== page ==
Let’s take another example from the list so you can get more ideas on how to break an industry down. If you look at energy, the following subcategories are included:

  • Types of energy—oil, gas, coal, nuclear, alternative
  • Types of organizations—exploration companies, utilities, research firms, regulatory agencies, equipment and support, capital raising
  • Sector—nonprofit (the US Energy Association, a nonprofit professional association), private sector (e.g., Exxon Mobil, an oil and gas company), government (e.g., the Environmental Protection Agency)

If you are interested in energy, you could work for a private company that is involved in many types of energy and at many stages, from exploration to delivery. You could research energy-related issues for a nonprofit. You could be focused on regulations for a government agency. There are multiple, different possibilities for that single energy industry choice.

Finally, let’s look at sports as a possible interest. Perhaps you have been a longtime athlete or a diehard fan. Can you take a personal interest and make it into a career?

  • Types of sports—a specific sport (e.g., football) or sports in general
  • Types of organizations—sports team (e.g., New York Giants), sports league (e.g., NFL), sports venue (e.g., Madison Square Garden, Meadowlands), sports program (e.g., an after-school program dedicated to foster competitive skills among youth), sports product (e.g., Under Armour), sports retailer (e.g., FootLocker), sports business (e.g., agencies who represent athletes, marketing and advertising firms who help companies with sports-related campaigns)
  • Sector—nonprofit (e.g., Turn 2 Foundation, which supports sports programs and is funded by Derek Jeter, a professional baseball player), private sector (e.g., Under Armour, FootLocker), government (local departments of parks and recreation)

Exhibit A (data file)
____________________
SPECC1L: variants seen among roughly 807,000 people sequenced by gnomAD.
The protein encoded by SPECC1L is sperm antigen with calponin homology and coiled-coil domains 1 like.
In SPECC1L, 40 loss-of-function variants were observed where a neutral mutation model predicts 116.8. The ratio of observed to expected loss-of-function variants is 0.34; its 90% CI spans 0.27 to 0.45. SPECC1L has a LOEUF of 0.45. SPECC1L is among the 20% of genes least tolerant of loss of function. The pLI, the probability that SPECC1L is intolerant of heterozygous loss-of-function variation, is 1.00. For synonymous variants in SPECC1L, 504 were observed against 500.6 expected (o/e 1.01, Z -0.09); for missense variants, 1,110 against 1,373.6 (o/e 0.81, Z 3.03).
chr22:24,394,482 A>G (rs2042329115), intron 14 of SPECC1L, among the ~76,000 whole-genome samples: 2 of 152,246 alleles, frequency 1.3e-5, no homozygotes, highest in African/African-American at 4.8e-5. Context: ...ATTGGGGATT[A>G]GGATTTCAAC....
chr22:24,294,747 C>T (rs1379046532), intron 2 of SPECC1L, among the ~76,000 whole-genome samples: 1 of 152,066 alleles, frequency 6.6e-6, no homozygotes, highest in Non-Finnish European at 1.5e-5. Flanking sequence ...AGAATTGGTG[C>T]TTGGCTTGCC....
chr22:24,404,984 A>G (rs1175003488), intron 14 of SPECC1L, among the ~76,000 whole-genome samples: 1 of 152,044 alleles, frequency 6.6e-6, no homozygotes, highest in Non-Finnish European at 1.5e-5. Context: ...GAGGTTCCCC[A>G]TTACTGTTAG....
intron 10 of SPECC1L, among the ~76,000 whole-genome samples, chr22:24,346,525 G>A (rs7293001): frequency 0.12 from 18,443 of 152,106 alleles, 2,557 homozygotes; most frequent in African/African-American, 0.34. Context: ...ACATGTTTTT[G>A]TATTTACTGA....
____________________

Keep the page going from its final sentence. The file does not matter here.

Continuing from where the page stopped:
If you are interested in sports, you might focus on a specific team or sport and look at different organizations involved with that team. Or you might focus on sports in general—perhaps take on the mission of expanding the spectator base, increasing participation among youth, or determining the impact of sports on culture.

Here is a list of possible subcategories for common industries:

Table 3.1 List of Industry with Examples of Subcategories for Each

Overall Industry Subcategories
  • Visual or performing arts
  • Venues
  • Education
  • Artist support and marketing
  • Arts-related products
  • Early, elementary, middle school, secondary school, higher education, adult, corporate, and executive
  • Independent, alternative and charter, public
  • Regulation and advocacy
  • Research
  • Pedagogy
  • Oil, gas, coal, nuclear, alternative
  • Exploration
  • Utilities
  • Research
  • Regulation and safety
  • Equipment
  • Capital raising
  • Catering
  • Restaurants
  • Corporate services
  • Media and journalism
  • Nutrition science
  • Regulation and safety
  • Human rights and food access
  • Retail
  • Design
  • Manufacturing
  • Buying
  • Media and journalism
Health care, pharmaceuticals, biotech
  • Hospitals, clinics
  • Pharmacies
  • Medical equipment
  • Research
  • Regulation and safety
  • Human rights, medical care access, patient advocacy, privacy
  • Insurance
Hospitality and leisure
  • Hotels, resorts, spas
  • Leisure versus commercial
  • Booking and sales
  • Event planning
  • Equipment and operations
Financial services
  • Accounting and audit
  • Commercial banking
  • Private banking and asset management
  • Investment banking
  • Retail banking
  • Insurance
  • Regulation
  • Consumer advocacy and protection
  • Federal, state, municipal
  • Constituents represented (e.g., artists, children, elderly, small business)
  • Industries represented (e.g., arts, education, health care, banking)
  • Professional services, in-house
  • Criminal, civil
  • Family, immigration, litigation
  • Research
  • Operations and document processing
  • Regulation
  • Public defender
Luxury goods
  • Retail
  • Design
  • Manufacturing
  • Media and journalism
Management consulting
  • Functional specialists: HR, economics, sales, general strategy, technology
  • Industry specialists: financial services, pharmaceutical, nonprofits
  • Equipment
  • Regulation and safety
  • Union relations
  • Capital financing
Media and entertainment
  • Film, TV, publishing, digital
  • Content production
  • Distribution
  • Marketing
  • Advertising
  • Research
  • Regulation and monitoring
Nonprofit causes
  • Mission based (e.g., ending poverty, eradicating polio)
  • Constituent based (e.g., advocating for the homeless, protecting consumers)
  • Programs
  • Foundations
  • Product based (e.g., clothing, office equipment)